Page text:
State transitions revisited - A buffering system for dynamic low light acclimation of Arabidopsis
2006 (English)In: Plant Molecular Biology, ISSN 0167-4412, Vol. 62, no 4-5, 779-793 p.Article in journal (Refereed) Published
The mobile part of the light-harvesting chlorophyll (chl) a/b protein complex (LHCII), composed of the Lhcb1 and Lhcb2 proteins, is the basic unit of chloroplast state transitions-the short term tuning system in balancing the excitation energy between Photosystem (PS) II and PSI. State transitions are catalysed by the thylakoid associated STN7 kinase, and we show here that besides the phosphorylation of the Lhcb1 and Lhcb2 proteins, also the phosphorylation of Lhcb4.2 (CP29) is under the control of the STN7 kinase. Upon growth of Arabidopsis WT and stn7 mutant plants under low and moderate light conditions, the WT plants favoured state 2 whereas stn7 was locked in state 1. The lack of the STN7 kinase and state transitions in stn7 also modified the thylakoid protein contents upon long-term low light acclimation resulting, for example, in low Lhcb1 and in elevated Lhca1 and Lhca2 protein amounts as compared to WT. Adjustments of thylakoid protein contents probably occurred at post-transcriptional level since the DNA microarray experiments from each growth condition did not reveal any significant differences between stn7 and WT transcriptomes. The resulting high Lhcb2/Lhcb1 ratio in stn7 upon growth at low light was accompanied by lower capacity for NPQ than in WT. On the contrary, higher amounts of PsbS in stn7 under moderate and high light growth conditions resulted in higher NPQ compared to WT and consequently also in a protection of PSII against photoinhibition. STN7 kinase and the state transitions are suggested to have a physiological significance for dynamic acclimation to low but fluctuating growth light conditions. They are shown to function as a buffering system upon short high light illumination peaks by shifting the thylakoids from state 2 to state 1 and thereby down regulating the induction of stress-responsive genes, a likely result from transient over-reduction of PSI acceptors. © 2006 Springer Science+Business Media B.V.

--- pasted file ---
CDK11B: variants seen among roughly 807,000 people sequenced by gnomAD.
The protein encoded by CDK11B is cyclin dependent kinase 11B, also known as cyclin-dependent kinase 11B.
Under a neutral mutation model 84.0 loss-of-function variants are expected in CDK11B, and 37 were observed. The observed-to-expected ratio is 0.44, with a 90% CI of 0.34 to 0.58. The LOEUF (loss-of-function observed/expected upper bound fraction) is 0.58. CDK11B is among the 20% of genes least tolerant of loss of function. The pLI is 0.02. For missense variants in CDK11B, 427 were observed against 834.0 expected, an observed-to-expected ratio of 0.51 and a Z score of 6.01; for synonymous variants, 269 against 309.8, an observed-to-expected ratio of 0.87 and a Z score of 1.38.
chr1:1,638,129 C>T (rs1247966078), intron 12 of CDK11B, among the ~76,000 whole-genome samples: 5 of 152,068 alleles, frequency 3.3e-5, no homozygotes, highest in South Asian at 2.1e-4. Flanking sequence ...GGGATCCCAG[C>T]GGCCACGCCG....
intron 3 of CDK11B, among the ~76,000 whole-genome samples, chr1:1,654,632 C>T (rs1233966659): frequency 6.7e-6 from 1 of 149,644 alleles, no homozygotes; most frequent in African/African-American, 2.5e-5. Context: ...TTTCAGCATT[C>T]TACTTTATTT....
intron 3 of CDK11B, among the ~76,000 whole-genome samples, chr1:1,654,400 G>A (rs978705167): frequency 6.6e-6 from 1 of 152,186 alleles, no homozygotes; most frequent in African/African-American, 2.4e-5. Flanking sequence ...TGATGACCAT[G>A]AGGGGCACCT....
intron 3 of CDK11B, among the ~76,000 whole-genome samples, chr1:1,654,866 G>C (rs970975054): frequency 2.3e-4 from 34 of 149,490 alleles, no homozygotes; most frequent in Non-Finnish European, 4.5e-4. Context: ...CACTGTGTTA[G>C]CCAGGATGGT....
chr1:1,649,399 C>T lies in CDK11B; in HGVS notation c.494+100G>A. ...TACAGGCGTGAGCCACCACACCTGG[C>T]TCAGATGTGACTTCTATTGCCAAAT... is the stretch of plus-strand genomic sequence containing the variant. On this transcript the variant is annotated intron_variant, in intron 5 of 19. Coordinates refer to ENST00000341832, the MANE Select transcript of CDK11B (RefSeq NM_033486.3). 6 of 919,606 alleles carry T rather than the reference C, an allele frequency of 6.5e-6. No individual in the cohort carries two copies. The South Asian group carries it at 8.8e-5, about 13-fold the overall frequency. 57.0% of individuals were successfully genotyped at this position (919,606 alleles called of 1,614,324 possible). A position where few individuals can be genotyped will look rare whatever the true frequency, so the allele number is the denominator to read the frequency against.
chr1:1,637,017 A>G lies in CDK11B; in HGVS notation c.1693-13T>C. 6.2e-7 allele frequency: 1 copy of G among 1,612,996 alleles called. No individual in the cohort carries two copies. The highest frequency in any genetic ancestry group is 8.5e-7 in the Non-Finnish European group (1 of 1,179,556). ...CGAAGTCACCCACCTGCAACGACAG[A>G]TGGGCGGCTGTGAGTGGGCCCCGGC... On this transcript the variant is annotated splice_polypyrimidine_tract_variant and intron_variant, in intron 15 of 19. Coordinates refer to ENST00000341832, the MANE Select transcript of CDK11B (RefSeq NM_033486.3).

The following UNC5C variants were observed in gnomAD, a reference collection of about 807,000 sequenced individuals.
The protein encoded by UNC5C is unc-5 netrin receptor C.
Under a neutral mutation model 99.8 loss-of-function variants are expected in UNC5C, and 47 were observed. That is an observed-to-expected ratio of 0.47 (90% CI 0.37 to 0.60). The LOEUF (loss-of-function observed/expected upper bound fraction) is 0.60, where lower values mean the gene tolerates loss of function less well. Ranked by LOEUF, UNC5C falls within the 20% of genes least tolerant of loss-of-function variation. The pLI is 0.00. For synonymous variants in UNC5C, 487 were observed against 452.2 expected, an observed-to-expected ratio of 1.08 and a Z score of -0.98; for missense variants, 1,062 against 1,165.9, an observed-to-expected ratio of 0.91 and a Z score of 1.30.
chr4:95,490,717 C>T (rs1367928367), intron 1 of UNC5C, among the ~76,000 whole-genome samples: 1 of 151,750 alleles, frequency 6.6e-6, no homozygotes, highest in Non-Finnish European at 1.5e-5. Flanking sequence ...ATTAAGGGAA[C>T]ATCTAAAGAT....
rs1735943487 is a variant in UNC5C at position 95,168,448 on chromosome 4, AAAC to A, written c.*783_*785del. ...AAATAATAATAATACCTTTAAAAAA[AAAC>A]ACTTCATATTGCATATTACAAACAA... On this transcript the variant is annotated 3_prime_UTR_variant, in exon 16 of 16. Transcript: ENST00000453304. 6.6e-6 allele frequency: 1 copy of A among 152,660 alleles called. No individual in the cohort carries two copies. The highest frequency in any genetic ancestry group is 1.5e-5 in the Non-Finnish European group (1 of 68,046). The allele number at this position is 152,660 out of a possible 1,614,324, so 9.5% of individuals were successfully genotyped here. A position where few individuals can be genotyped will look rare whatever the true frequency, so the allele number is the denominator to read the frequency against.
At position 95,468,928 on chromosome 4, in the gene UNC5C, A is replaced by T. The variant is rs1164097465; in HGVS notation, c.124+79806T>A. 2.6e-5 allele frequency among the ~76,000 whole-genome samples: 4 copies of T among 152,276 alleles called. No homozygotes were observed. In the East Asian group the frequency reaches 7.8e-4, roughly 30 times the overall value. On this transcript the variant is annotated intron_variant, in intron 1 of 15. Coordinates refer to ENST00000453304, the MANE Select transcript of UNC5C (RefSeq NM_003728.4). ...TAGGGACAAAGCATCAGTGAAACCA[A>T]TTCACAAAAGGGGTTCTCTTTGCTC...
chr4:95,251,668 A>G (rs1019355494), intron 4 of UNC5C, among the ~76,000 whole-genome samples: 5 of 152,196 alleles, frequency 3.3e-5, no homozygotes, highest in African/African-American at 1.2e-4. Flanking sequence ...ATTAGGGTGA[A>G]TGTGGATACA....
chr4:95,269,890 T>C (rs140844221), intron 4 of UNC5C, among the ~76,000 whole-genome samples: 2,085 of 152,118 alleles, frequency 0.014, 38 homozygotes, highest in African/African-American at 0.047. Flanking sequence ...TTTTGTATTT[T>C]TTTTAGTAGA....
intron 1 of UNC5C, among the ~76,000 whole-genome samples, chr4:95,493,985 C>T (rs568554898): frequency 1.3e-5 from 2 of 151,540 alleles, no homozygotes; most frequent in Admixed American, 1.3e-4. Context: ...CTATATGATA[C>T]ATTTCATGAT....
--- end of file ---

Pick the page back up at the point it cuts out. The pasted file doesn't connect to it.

Place, publisher, year, edition, pages
2006. Vol. 62, no 4-5, 779-793 p.
Medical and Health Sciences
IdentifiersURN: urn:nbn:se:liu:diva-35819DOI: 10.1007/s11103-006-9044-8Local ID: 28648OAI: oai:DiVA.org:liu-35819DiVA: diva2:256667